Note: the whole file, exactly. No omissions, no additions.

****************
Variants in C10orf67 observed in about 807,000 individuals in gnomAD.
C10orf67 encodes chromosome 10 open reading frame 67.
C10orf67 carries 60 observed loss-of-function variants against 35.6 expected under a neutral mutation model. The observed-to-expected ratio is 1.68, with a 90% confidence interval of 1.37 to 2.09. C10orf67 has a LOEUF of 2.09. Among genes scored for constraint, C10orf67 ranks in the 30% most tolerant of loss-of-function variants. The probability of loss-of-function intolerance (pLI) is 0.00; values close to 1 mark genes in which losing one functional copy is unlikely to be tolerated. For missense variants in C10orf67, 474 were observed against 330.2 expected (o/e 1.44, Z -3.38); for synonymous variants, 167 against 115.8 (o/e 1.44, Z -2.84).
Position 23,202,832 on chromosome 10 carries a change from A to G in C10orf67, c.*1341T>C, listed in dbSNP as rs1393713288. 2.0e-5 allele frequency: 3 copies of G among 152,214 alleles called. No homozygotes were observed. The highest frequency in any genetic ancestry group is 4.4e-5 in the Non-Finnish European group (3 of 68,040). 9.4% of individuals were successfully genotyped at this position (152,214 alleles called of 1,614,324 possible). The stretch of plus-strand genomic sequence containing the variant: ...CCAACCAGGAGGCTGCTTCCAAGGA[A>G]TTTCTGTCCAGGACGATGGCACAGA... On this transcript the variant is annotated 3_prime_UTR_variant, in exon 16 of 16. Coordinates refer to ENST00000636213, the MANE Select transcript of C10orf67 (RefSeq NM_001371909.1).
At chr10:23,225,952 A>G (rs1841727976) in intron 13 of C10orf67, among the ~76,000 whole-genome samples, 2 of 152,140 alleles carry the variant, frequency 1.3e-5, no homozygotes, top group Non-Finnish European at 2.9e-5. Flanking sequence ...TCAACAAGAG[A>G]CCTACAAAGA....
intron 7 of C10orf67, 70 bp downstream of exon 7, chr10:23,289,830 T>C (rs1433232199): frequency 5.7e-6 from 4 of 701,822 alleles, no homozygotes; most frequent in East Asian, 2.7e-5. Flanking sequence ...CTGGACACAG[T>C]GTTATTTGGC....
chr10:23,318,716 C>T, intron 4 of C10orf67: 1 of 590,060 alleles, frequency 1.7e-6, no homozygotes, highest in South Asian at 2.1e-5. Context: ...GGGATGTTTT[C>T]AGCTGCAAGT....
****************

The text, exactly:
Variants in C10orf67 observed in about 807,000 individuals in gnomAD.
C10orf67 encodes chromosome 10 open reading frame 67.
C10orf67 carries 60 observed loss-of-function variants against 35.6 expected under a neutral mutation model. The observed-to-expected ratio is 1.68, with a 90% confidence interval of 1.37 to 2.09. C10orf67 has a LOEUF of 2.09. Among genes scored for constraint, C10orf67 ranks in the 30% most tolerant of loss-of-function variants. The probability of loss-of-function intolerance (pLI) is 0.00; values close to 1 mark genes in which losing one functional copy is unlikely to be tolerated. For missense variants in C10orf67, 474 were observed against 330.2 expected (o/e 1.44, Z -3.38); for synonymous variants, 167 against 115.8 (o/e 1.44, Z -2.84).
Position 23,202,832 on chromosome 10 carries a change from A to G in C10orf67, c.*1341T>C, listed in dbSNP as rs1393713288. 2.0e-5 allele frequency: 3 copies of G among 152,214 alleles called. No homozygotes were observed. The highest frequency in any genetic ancestry group is 4.4e-5 in the Non-Finnish European group (3 of 68,040). 9.4% of individuals were successfully genotyped at this position (152,214 alleles called of 1,614,324 possible). The stretch of plus-strand genomic sequence containing the variant: ...CCAACCAGGAGGCTGCTTCCAAGGA[A>G]TTTCTGTCCAGGACGATGGCACAGA... On this transcript the variant is annotated 3_prime_UTR_variant, in exon 16 of 16. Coordinates refer to ENST00000636213, the MANE Select transcript of C10orf67 (RefSeq NM_001371909.1).
At chr10:23,225,952 A>G (rs1841727976) in intron 13 of C10orf67, among the ~76,000 whole-genome samples, 2 of 152,140 alleles carry the variant, frequency 1.3e-5, no homozygotes, top group Non-Finnish European at 2.9e-5. Flanking sequence ...TCAACAAGAG[A>G]CCTACAAAGA....
intron 7 of C10orf67, 70 bp downstream of exon 7, chr10:23,289,830 T>C (rs1433232199): frequency 5.7e-6 from 4 of 701,822 alleles, no homozygotes; most frequent in East Asian, 2.7e-5. Flanking sequence ...CTGGACACAG[T>C]GTTATTTGGC....
chr10:23,318,716 C>T, intron 4 of C10orf67: 1 of 590,060 alleles, frequency 1.7e-6, no homozygotes, highest in South Asian at 2.1e-5. Context: ...GGGATGTTTT[C>T]AGCTGCAAGT....